Wednesday, May 23, 2018

LAW AND STRATEGY: THE SWEDISH RESPONSE 6/9


5.1 Legislative Framework in Sweden to Combat Violence Against Women In Sweden, violence against women is regulated mainly in different chapters of the Penal Code (Brottsbalken). The Penal Code applies, in particular, to the following: 
 domestic violence,  
 sexual violence (including rape, sexual assault and harassment or stalking),  
 human trafficking,   
 cyber violence and harassment using new technologies, and   
 harmful practices, such as forced marriages.

There is no specific legislation on “honour” crimes but criminal acts in this context are covered by the Penal Code. However, there is a separate law on penalising female genital mutilation (FGM) (Lag (1982:316) med förbud mot könsstympning av kvinnor)21. It provides that FGM is considered a punishable crime in Sweden even if the act was committed in a country where it is not illegal. There is also a separate law on harassment and stalking (Lag (1988:688) om kontaktförbud).


5.2 National Strategy to Prevent and Combat Men’s Violence Against Women  Given the omniscient effect of gender in politics and government, it is unsurprising that stopping violence against women is a priority for the Swedish government. The National strategy to prevent and combat men’s violence against women came into force on the 1st of January 2017 for a ten-year period. It has four objectives:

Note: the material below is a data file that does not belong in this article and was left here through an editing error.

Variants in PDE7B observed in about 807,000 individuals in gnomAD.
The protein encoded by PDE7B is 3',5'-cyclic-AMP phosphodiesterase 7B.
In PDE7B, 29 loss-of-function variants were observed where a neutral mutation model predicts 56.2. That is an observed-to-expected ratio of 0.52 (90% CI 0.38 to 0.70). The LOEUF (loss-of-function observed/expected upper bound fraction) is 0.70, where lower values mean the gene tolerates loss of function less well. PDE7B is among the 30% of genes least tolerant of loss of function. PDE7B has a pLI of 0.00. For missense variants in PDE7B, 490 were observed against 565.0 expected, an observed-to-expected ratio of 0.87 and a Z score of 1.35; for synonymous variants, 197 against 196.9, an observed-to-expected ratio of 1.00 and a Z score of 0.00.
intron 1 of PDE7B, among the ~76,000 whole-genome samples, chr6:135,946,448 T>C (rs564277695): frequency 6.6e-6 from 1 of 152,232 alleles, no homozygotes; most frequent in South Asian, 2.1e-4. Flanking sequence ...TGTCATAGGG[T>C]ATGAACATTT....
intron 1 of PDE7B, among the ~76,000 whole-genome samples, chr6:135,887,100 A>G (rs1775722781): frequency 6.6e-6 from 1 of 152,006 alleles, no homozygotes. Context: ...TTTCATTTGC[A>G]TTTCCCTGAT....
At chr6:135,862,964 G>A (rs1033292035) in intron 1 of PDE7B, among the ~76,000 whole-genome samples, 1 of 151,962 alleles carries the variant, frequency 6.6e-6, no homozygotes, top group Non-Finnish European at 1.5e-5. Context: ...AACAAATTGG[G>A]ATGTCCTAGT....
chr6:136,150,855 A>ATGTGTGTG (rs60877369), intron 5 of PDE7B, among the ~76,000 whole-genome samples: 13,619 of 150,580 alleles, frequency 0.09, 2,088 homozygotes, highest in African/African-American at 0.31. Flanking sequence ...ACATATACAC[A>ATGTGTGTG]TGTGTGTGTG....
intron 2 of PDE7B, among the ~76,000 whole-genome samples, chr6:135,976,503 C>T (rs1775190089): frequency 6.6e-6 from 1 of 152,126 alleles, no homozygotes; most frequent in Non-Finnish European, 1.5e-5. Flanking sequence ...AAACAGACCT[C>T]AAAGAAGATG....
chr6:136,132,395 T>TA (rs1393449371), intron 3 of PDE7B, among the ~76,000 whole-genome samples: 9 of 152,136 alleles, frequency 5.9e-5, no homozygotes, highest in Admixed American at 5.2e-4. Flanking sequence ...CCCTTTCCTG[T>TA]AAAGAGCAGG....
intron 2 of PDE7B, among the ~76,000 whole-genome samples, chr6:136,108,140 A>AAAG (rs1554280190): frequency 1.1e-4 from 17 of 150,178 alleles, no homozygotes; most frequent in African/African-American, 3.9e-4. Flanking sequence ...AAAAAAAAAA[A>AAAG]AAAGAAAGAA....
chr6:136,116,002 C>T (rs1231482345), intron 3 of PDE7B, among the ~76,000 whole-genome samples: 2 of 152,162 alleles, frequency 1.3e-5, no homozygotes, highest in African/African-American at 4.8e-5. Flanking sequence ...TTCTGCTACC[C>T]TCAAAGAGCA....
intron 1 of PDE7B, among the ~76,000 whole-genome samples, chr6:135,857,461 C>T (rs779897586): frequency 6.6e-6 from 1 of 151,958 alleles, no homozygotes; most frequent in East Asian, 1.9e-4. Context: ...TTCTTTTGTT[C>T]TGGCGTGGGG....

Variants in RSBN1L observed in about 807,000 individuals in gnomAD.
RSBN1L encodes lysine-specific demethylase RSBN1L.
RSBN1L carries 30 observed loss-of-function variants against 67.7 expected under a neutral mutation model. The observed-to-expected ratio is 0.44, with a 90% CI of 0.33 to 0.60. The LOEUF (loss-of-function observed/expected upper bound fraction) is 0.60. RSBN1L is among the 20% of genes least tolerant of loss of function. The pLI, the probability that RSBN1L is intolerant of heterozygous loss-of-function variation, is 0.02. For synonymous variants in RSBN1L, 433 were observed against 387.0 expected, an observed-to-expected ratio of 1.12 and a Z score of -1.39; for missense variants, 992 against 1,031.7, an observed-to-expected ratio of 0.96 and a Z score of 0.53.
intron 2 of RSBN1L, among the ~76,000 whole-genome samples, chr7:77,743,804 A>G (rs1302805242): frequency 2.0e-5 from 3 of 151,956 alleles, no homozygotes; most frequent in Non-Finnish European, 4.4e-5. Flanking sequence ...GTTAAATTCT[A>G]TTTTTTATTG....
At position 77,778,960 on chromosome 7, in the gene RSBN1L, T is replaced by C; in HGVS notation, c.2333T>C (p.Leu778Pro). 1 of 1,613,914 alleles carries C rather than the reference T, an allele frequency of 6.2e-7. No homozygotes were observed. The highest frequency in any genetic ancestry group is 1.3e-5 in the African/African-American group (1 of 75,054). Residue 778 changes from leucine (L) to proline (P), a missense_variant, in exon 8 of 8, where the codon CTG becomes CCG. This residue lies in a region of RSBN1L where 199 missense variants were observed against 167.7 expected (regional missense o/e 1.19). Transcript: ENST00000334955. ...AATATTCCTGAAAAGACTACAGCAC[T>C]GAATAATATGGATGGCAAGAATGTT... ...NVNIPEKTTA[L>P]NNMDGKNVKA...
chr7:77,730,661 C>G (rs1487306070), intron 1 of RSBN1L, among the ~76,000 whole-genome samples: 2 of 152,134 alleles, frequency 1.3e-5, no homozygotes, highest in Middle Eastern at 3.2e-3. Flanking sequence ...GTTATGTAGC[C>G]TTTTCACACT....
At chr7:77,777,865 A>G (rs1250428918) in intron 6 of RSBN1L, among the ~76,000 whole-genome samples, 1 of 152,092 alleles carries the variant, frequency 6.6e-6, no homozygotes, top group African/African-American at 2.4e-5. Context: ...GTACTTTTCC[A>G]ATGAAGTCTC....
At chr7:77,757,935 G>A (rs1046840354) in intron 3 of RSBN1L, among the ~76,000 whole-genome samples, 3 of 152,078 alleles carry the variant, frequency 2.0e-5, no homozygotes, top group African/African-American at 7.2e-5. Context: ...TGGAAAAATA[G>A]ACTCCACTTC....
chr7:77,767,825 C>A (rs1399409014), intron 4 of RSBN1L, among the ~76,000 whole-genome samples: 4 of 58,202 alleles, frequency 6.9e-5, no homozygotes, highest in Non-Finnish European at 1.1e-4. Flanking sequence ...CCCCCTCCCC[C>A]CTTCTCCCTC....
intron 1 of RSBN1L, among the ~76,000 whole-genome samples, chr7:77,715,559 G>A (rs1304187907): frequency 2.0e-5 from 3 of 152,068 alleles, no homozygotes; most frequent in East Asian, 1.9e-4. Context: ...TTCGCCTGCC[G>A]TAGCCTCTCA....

 increased and effective preventive work to combat violence; 
 improved detection of violence and stronger protection for and support to women and children subjected to violence; 
 more effective crime-fighting; and 
 improved knowledge and methodological development.  The strategy itself is far-reaching and inclusive of different aspects of violence against women (for example includes measures to combat violence in same-sex relationships as well as measures that counteract destructive masculinity and notions of honour. 
The participation of men is viewed as essential for this strategy. Prevention, rather than dealing with the consequences of violence against women, has been the government’s priority which requires a coordinated effort between all relevant actors at all levels. In doing so, the government has tackled key areas such as and breaking with the norms that justify violence, the purchase of sexual services and other restrictions on the freedom of action and life choices of women and girls. Improvements towards detection is also a very important factor.

Towards this strategy, the Swedish Government has allocated SEK 600 million to an action plan containing new measures for 2017–2020, in addition to SEK 300 million in development funds to municipalities and county councils.





http://www.europarl.europa.eu/RegData/etudes/IDAN/2018/604958/IPOL_IDA(2018)604958_EN.pdf

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